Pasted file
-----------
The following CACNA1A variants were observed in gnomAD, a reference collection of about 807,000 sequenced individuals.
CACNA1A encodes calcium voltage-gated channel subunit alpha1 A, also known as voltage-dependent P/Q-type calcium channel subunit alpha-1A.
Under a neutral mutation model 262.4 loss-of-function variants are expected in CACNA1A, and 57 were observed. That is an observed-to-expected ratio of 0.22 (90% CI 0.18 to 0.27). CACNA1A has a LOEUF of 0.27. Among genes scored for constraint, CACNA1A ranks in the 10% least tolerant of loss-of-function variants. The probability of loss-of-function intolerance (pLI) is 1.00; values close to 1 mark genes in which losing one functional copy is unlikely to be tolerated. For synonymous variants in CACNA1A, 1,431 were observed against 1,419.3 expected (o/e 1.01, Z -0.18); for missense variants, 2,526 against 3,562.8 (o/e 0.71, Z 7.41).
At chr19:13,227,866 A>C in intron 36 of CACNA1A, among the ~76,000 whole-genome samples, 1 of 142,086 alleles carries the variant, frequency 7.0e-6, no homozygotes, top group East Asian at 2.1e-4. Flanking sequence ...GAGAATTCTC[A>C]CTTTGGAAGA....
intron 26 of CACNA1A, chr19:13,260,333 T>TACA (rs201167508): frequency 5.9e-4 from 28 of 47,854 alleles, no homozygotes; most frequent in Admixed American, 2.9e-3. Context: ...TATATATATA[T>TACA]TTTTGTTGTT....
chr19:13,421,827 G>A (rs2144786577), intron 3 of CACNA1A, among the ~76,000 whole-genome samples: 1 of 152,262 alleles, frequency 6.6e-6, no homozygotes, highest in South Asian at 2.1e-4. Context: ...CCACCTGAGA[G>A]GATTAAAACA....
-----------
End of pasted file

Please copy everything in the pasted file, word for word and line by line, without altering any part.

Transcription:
The following CACNA1A variants were observed in gnomAD, a reference collection of about 807,000 sequenced individuals.
CACNA1A encodes calcium voltage-gated channel subunit alpha1 A, also known as voltage-dependent P/Q-type calcium channel subunit alpha-1A.
Under a neutral mutation model 262.4 loss-of-function variants are expected in CACNA1A, and 57 were observed. That is an observed-to-expected ratio of 0.22 (90% CI 0.18 to 0.27). CACNA1A has a LOEUF of 0.27. Among genes scored for constraint, CACNA1A ranks in the 10% least tolerant of loss-of-function variants. The probability of loss-of-function intolerance (pLI) is 1.00; values close to 1 mark genes in which losing one functional copy is unlikely to be tolerated. For synonymous variants in CACNA1A, 1,431 were observed against 1,419.3 expected (o/e 1.01, Z -0.18); for missense variants, 2,526 against 3,562.8 (o/e 0.71, Z 7.41).
At chr19:13,227,866 A>C in intron 36 of CACNA1A, among the ~76,000 whole-genome samples, 1 of 142,086 alleles carries the variant, frequency 7.0e-6, no homozygotes, top group East Asian at 2.1e-4. Flanking sequence ...GAGAATTCTC[A>C]CTTTGGAAGA....
intron 26 of CACNA1A, chr19:13,260,333 T>TACA (rs201167508): frequency 5.9e-4 from 28 of 47,854 alleles, no homozygotes; most frequent in Admixed American, 2.9e-3. Context: ...TATATATATA[T>TACA]TTTTGTTGTT....
chr19:13,421,827 G>A (rs2144786577), intron 3 of CACNA1A, among the ~76,000 whole-genome samples: 1 of 152,262 alleles, frequency 6.6e-6, no homozygotes, highest in South Asian at 2.1e-4. Context: ...CCACCTGAGA[G>A]GATTAAAACA....